When Family Secrets Include Murder: The Letter That Decimated The Chicago Outfit

"I have to help you keep this sick man locked up forever." --Frank Calabrese Junior


Defendants in the Family Secrets trial at a hearing
Family Secrets trial (source: NPR)

The investigation that decimated the Chicago Outfit began when a letter dated July 27, 1998, reached the FBI's Chicago headquarters.

“I am sending you this letter in total confidentiality," it began. "It is very important that you show or talk to nobody about this letter except who you have to. The less people that know I am contacting you the more I can and will help and be able to help you.”





The message had been sent from the federal correctional facility in Milan, Michigan. The writer was Frank Calabrese Junior, a son of Frank (Frankie Breeze) Calabrese Senior, an especially vicious member of the Chicago organized crime family known as the Outfit.

The letter spawned a seven-year investigation that went back to the 1970s. The original indictment named 14 defendants and included 18 previously unsolved murders; it culminated with five on trial, guilty verdicts, and life sentences, including for James Marcello, the reputed one-time front boss of the Chicago mob. ("Marcello's expression didn't change as U.S. District Judge James Zagel sentenced him to life behind bars. Marcello was believed to be the highest-ranking mobster felled by the ... Family Secrets mob conspiracy trial, and he was held responsible for its marquee murder ," the murder of the Spilotro brothers.)

"We dubbed it “Operation Family Secrets,” and it’s one of our most successful organized crime investigations ever," as the FBI says on its website.

But that was the end; in the beginning, when the letter first arrived, both the FBI and federal prosecutors were baffled. Frank Jr wanted to flip; that part was clear as crystal. But why he wanted to flip, that was the part that didn't make sense. The Fed's and the FBI were under the (mistaken) impression that they had already smashed the Calabrese crew apart. (They came very close to ignoring the letter, it seems. Imagine if they had...)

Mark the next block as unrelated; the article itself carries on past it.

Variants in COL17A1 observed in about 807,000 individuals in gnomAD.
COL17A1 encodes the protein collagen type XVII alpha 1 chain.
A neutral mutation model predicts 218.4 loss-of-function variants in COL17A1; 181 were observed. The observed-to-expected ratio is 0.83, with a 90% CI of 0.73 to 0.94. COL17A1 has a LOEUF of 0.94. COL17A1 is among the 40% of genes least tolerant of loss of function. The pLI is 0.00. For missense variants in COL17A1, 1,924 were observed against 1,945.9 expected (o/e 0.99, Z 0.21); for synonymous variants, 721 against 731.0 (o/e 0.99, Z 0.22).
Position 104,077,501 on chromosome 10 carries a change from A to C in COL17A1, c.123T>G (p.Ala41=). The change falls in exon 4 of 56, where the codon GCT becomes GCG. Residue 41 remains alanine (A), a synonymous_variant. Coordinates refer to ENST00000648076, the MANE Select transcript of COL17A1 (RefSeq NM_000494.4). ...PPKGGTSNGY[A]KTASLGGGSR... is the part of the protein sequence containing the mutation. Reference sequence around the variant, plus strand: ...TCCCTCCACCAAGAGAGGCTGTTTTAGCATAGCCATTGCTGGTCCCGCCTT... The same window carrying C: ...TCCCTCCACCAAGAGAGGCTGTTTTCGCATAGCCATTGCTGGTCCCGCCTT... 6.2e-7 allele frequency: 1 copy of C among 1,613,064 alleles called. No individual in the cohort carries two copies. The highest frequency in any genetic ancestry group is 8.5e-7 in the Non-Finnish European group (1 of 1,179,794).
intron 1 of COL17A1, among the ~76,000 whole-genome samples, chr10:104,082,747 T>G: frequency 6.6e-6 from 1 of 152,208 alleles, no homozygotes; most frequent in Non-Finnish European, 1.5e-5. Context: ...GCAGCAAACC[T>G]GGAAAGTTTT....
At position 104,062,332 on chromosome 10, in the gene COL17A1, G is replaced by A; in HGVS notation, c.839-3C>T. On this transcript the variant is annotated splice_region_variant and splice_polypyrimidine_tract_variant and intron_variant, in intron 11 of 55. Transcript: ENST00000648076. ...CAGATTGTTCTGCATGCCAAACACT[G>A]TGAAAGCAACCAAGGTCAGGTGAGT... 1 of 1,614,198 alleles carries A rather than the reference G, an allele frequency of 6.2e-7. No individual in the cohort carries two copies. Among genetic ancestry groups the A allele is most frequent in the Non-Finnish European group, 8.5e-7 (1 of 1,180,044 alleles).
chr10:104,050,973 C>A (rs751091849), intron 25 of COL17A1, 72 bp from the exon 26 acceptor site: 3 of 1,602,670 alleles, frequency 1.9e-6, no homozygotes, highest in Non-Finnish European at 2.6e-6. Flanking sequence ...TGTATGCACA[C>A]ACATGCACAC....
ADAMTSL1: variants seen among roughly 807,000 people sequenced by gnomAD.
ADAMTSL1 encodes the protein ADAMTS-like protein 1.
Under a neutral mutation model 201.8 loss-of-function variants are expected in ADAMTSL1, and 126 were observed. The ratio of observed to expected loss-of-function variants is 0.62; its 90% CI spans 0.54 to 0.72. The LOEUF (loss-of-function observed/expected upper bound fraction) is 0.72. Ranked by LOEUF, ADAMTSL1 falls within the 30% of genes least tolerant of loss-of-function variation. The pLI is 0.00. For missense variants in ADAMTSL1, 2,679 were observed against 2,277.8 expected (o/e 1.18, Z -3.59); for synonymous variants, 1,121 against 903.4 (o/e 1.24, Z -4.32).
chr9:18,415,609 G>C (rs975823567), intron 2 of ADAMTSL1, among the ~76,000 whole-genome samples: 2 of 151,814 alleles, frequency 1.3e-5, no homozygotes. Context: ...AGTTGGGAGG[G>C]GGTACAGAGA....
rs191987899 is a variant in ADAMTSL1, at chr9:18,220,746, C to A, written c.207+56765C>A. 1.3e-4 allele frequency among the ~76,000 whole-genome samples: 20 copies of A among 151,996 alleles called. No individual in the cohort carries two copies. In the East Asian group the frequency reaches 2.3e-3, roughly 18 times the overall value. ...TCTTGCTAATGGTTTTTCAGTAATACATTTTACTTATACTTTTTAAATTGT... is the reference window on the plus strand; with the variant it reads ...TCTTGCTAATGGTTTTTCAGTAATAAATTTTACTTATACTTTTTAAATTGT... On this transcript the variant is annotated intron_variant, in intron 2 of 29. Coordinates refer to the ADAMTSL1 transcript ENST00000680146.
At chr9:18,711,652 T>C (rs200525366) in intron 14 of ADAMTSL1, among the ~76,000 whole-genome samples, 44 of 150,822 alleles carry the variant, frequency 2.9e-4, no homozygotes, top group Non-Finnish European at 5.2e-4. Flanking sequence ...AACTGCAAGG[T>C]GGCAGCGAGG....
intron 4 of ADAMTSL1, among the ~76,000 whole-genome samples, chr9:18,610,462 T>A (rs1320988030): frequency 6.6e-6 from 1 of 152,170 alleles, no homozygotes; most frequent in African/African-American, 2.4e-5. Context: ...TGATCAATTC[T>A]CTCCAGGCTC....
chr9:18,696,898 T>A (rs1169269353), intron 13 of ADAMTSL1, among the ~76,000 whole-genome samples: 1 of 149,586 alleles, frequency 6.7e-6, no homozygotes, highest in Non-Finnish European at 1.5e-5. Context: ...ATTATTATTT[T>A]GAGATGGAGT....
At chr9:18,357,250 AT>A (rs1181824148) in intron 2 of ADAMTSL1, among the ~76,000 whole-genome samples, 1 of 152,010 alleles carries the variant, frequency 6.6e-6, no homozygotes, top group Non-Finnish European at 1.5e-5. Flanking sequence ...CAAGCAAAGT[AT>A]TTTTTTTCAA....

Frankie Breeze was once "the mob's top loan shark in Chicago." From the late 1970s until 1992, Frank Calabrese Sr.'s crew made hundreds of loans at interest rates as high as 10 percent a week. They raked in more than $2.6 million by government estimates, according to Assistant U.S. Atty. Mitchell Mars. Frankie Breeze used about 80 bank accounts to conceal the assets from his loan-sharking business.

Back in 1995, the Fed's had broken up the operation. SAC Bourgeois had led the FBI probe that culminated in the grand jury  indictment of nine, including Frank Sr., his brother Nick, Frank Jr., and another of Frank Sr.’s sons, Kurt. In addition to running a massive loan shark operation, the Calabreses were also accused of appropriating the auto repair business of a customer, who had then became an informant. (The crew even got a service contract with a large car dealership and  began overbilling.)

The Calabreses had pleaded guilty. Frank Sr. got nearly 10 years in prison, Nick got nearly six years, and Frank Jr., was given nearly five years.